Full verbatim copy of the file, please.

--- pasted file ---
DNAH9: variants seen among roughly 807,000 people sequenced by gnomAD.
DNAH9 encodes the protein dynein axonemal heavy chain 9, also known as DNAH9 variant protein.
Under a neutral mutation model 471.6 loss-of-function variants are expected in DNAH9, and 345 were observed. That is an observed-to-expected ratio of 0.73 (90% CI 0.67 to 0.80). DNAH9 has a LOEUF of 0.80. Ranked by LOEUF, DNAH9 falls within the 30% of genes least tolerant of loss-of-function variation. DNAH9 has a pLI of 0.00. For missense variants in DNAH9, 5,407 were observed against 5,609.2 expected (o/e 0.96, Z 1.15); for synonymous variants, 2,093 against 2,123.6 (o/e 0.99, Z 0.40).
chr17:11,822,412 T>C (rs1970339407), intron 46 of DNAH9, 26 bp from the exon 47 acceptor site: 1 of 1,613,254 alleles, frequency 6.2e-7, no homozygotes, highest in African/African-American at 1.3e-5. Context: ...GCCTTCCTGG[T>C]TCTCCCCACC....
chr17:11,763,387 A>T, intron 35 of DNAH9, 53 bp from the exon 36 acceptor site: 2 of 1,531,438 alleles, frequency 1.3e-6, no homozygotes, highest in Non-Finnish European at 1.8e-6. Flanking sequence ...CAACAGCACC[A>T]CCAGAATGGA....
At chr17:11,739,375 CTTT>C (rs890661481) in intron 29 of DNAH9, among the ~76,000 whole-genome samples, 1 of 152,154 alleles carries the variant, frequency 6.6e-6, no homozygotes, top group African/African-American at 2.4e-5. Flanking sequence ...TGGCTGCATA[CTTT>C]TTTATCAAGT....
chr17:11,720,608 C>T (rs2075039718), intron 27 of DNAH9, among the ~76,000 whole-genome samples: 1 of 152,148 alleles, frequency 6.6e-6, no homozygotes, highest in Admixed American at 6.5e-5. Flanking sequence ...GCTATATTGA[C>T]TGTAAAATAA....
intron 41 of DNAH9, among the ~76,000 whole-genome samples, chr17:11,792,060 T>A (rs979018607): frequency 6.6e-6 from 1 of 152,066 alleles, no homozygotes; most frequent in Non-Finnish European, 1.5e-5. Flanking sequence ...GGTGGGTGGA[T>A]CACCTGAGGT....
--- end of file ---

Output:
DNAH9: variants seen among roughly 807,000 people sequenced by gnomAD.
DNAH9 encodes the protein dynein axonemal heavy chain 9, also known as DNAH9 variant protein.
Under a neutral mutation model 471.6 loss-of-function variants are expected in DNAH9, and 345 were observed. That is an observed-to-expected ratio of 0.73 (90% CI 0.67 to 0.80). DNAH9 has a LOEUF of 0.80. Ranked by LOEUF, DNAH9 falls within the 30% of genes least tolerant of loss-of-function variation. DNAH9 has a pLI of 0.00. For missense variants in DNAH9, 5,407 were observed against 5,609.2 expected (o/e 0.96, Z 1.15); for synonymous variants, 2,093 against 2,123.6 (o/e 0.99, Z 0.40).
chr17:11,822,412 T>C (rs1970339407), intron 46 of DNAH9, 26 bp from the exon 47 acceptor site: 1 of 1,613,254 alleles, frequency 6.2e-7, no homozygotes, highest in African/African-American at 1.3e-5. Context: ...GCCTTCCTGG[T>C]TCTCCCCACC....
chr17:11,763,387 A>T, intron 35 of DNAH9, 53 bp from the exon 36 acceptor site: 2 of 1,531,438 alleles, frequency 1.3e-6, no homozygotes, highest in Non-Finnish European at 1.8e-6. Flanking sequence ...CAACAGCACC[A>T]CCAGAATGGA....
At chr17:11,739,375 CTTT>C (rs890661481) in intron 29 of DNAH9, among the ~76,000 whole-genome samples, 1 of 152,154 alleles carries the variant, frequency 6.6e-6, no homozygotes, top group African/African-American at 2.4e-5. Flanking sequence ...TGGCTGCATA[CTTT>C]TTTATCAAGT....
chr17:11,720,608 C>T (rs2075039718), intron 27 of DNAH9, among the ~76,000 whole-genome samples: 1 of 152,148 alleles, frequency 6.6e-6, no homozygotes, highest in Admixed American at 6.5e-5. Flanking sequence ...GCTATATTGA[C>T]TGTAAAATAA....
intron 41 of DNAH9, among the ~76,000 whole-genome samples, chr17:11,792,060 T>A (rs979018607): frequency 6.6e-6 from 1 of 152,066 alleles, no homozygotes; most frequent in Non-Finnish European, 1.5e-5. Flanking sequence ...GGTGGGTGGA[T>A]CACCTGAGGT....